In 1914, Steiner married Marie von Sievers, an actress, who had been secretary of the German Section of the Theosophical Society. Together they established a school for esoteric research near Basel, Switzerland, and developed new approaches to the teaching of speech and drama, which led to "eurythmy," an art of movement. Later, Steiner originated the Waldorf School Movement, an innovative educational system, which still maintains 80 schools in Europe and the United States. Rudolf Steiner died on March 30, 1925, in Dornach, Switzerland.
Shepherd, A. P. Rudolf Steiner: Scientist of the Invisible. Rochester, Vt.: Inner Traditions International, 1983.
Steiner, Rudolf. Lecture V, Earthly and Cosmic Man. Rudolf Steiner Publishing, 1948.
When Edgar Cayce (1877–1945) died at the age of 67, he had given nearly 9,000 medical readings while in a state of clairvoyant trance. In addition, the "sleeping prophet" also gave life readings dealing with the vocational, psychological, and human-relations problems of individuals. It was through these life readings that the concepts of reincarnation and the possibility of past lives were introduced. All together, more than 14,000 Cayce readings have been recorded on 200,000 permanent file cards and cross-referenced into 10,000 major subjects.
In 1931, the Association for Research and Enlightenment (ARE) was chartered in the state of Virginia as a nonprofit organization to conduct scientific and psychical research. In 1947, two years after Cayce's death, the Edgar Cayce Foundation was established. The original ARE has become the membership arm of the Cayce programs. The foundation is the custodian of the original Cayce readings, and the memorabilia of the great contemporary seer's life and career. Both are headquartered in Virginia Beach, Virginia, and there are more than 1,500 ARE study groups around the world.
Since the establishment of the ARE, thousands of people from every corner of the nation, as well as from around the world, have journeyed to Virginia Beach to attend lectures and conferences and to investigate the information in the Cayce readings. Many of the skeptics who came to expose Cayce stayed on to support his work. Among these have been Jess Stearn, author of Edgar Cayce: the Sleeping Prophet (1967), and Thomas Sugrue, author of There Is a River: The Story of Edgar Cayce (1942), both of which are important books about the life and work of Edgar Cayce.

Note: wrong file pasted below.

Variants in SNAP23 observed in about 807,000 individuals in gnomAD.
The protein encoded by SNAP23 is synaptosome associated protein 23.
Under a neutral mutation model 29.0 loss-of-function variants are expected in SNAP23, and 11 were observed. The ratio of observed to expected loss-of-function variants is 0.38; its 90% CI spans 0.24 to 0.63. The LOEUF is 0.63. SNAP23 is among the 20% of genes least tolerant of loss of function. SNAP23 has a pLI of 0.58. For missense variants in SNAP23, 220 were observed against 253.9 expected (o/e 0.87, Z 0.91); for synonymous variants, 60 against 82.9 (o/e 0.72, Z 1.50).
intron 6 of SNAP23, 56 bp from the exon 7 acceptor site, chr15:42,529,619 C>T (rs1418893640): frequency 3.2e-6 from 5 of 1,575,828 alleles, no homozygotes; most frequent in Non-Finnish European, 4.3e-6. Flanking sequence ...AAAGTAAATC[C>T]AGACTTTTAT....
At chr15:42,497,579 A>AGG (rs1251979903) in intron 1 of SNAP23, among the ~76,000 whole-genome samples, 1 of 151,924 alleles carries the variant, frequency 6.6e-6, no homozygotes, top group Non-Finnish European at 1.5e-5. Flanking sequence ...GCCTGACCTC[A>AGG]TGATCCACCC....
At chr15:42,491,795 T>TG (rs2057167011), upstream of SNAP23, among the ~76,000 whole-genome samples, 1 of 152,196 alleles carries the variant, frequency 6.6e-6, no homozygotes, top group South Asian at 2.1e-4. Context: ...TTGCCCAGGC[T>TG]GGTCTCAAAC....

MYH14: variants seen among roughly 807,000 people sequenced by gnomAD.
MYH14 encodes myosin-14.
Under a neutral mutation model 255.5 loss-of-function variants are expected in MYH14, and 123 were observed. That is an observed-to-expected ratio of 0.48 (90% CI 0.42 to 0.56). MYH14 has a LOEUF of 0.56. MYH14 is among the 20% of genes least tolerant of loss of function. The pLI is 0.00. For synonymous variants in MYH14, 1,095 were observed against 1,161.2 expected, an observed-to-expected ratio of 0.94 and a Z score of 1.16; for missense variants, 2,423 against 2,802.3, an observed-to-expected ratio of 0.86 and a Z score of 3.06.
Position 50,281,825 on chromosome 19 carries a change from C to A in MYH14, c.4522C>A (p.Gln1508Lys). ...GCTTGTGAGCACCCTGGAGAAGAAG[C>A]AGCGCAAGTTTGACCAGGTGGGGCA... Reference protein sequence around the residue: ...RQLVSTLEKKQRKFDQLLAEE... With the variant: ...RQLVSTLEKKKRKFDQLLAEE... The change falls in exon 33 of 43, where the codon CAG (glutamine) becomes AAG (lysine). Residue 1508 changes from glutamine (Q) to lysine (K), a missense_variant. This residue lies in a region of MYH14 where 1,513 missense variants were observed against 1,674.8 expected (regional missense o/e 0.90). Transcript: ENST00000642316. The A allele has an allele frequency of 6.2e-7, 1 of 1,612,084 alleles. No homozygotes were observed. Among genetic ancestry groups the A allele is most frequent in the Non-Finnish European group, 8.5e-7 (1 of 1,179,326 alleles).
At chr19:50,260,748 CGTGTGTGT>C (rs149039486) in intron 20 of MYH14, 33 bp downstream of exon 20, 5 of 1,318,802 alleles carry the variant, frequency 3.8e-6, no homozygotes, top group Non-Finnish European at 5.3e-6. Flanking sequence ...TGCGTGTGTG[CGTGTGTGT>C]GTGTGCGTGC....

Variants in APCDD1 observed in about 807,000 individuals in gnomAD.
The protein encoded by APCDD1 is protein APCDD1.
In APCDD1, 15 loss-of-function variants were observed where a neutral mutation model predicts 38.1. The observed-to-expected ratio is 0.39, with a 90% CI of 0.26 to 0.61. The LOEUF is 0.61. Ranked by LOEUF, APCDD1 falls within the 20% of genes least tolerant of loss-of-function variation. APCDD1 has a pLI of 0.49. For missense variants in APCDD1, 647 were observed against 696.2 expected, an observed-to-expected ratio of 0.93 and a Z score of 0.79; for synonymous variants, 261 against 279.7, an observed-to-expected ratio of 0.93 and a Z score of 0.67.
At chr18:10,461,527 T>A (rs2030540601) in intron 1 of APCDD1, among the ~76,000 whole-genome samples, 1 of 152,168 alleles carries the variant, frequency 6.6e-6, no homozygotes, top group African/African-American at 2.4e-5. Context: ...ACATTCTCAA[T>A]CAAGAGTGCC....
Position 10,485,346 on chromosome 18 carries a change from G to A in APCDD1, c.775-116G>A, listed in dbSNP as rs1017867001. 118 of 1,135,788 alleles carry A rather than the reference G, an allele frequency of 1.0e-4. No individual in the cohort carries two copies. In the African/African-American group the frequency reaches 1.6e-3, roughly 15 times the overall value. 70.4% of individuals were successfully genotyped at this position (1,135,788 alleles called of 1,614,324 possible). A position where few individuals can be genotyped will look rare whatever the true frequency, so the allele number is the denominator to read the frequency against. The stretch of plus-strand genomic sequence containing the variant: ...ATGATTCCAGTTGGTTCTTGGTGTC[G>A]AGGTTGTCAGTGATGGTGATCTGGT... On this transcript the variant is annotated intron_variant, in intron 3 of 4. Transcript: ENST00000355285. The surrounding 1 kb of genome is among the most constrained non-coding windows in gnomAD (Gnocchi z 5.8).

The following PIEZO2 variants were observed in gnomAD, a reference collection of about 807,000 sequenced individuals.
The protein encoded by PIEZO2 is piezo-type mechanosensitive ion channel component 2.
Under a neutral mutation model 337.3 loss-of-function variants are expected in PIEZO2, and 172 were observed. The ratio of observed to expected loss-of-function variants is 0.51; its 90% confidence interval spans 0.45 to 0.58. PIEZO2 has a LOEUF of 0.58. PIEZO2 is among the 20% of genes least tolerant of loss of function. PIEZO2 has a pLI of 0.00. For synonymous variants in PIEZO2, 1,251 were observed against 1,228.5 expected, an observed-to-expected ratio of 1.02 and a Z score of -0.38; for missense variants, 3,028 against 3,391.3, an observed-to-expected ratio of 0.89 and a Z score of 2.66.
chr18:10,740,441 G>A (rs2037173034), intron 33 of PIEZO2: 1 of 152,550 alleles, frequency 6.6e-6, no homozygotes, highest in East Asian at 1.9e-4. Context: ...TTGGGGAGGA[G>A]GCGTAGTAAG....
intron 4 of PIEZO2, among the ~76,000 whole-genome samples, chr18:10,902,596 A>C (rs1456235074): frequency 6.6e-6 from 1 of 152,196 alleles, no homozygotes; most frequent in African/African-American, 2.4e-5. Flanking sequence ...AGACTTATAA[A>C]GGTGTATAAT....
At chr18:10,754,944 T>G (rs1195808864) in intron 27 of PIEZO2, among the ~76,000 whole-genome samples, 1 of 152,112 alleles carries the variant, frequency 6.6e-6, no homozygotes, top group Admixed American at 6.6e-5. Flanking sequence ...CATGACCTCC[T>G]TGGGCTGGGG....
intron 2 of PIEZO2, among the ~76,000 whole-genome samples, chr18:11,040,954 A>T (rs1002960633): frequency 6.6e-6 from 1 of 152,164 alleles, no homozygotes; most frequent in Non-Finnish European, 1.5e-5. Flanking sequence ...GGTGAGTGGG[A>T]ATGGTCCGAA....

Cayce's son, Hugh Lynn Cayce (1907–1982), once commented that his father had said that everyone was psychic, "but for many people manifestation of this ability can be very disturbing, very upsetting, and in fact, it can even destroy the personality if it runs rampant in the person's life. This can be very damaging if the individual does not use these abilities constructively. If he takes ego trips with it, or begins to fake it, the result can be very destructive to the personality, particularly that of young children."
With these concerns in mind, before he died Edgar told Hugh Lynn that the Association for Research and Enlightenment had better make certain that they were doing the research before they did too much enlightening. To fulfill Edgar's wish, the ARE maintains an extensive library of information concerning the entire field of psychical research and metaphysics, as well as the Cayce materials. It also sponsors regular seminars, publishes a journal, and established Atlantic University as an environment in which various psychic attributes can be examined and developed.
Cayce believed that in an earlier incarnation, he had been wounded in battle and left in the field for dead. However, he had managed to live for several days, conscious and in extreme pain. He was not able to help himself in any way, having only his mind as a weapon against pain. Just prior to his physical death, he had been able to elevate his mind beyond the reach of his body and its suffering. Since no achievement, good or bad, is ever lost, the ability to subdue the body and its feelings became part of the pattern of his individuality—and he was able to use this ability in his physical incarnation as Edgar Cayce.